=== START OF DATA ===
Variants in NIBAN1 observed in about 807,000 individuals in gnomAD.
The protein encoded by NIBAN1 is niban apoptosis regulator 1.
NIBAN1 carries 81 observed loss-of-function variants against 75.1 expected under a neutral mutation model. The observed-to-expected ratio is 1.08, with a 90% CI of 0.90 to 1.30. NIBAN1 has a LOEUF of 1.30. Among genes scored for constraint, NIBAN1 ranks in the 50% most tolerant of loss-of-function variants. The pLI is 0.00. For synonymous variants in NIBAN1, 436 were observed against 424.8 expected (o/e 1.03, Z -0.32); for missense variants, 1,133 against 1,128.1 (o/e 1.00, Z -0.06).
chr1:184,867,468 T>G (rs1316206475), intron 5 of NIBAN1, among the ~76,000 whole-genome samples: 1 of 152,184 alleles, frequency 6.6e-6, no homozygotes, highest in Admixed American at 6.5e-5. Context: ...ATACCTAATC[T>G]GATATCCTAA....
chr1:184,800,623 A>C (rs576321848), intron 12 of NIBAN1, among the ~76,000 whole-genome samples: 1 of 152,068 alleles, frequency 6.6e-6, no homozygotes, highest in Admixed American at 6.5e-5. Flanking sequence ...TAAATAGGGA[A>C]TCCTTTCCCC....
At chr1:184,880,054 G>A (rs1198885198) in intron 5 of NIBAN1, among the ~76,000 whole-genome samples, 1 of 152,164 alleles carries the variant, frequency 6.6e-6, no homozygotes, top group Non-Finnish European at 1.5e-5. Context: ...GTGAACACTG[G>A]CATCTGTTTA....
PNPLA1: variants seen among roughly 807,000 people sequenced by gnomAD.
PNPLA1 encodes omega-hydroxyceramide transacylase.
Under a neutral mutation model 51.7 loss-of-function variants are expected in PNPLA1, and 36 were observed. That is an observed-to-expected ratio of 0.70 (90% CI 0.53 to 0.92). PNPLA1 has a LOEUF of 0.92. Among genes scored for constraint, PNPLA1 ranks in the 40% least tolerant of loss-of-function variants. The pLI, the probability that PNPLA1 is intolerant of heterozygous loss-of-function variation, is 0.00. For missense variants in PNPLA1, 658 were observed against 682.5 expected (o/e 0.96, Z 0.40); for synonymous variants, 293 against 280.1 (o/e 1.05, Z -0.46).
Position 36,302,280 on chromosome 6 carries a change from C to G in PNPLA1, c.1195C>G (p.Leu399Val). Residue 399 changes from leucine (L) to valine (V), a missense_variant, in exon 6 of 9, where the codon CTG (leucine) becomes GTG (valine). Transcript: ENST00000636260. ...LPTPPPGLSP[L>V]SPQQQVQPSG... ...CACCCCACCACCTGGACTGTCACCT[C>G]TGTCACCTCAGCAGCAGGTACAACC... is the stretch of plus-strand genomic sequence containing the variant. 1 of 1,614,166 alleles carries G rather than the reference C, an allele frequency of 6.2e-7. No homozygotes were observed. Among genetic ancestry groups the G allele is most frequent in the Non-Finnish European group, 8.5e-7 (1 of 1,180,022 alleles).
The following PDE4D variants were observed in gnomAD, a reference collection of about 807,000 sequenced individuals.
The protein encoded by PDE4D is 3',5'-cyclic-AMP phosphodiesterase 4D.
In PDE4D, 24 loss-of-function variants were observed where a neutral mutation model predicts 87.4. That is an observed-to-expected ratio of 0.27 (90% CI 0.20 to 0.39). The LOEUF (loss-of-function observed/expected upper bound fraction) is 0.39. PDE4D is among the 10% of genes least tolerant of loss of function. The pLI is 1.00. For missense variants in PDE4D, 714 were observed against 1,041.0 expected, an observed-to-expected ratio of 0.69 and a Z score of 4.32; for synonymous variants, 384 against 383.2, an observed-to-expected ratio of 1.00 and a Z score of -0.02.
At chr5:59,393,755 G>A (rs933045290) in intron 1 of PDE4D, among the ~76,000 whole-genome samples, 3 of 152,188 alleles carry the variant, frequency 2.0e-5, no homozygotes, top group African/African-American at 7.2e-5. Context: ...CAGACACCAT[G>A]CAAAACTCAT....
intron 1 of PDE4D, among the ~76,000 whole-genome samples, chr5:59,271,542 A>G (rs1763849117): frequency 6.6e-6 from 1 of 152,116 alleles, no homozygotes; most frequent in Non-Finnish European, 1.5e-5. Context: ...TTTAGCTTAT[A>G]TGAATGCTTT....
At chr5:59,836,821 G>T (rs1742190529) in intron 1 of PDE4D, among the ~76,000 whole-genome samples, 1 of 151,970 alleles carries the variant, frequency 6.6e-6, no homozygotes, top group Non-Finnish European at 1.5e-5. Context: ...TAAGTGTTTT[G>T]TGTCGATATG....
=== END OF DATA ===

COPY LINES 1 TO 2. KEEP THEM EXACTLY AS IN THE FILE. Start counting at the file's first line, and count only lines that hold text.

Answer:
Variants in NIBAN1 observed in about 807,000 individuals in gnomAD.
The protein encoded by NIBAN1 is niban apoptosis regulator 1.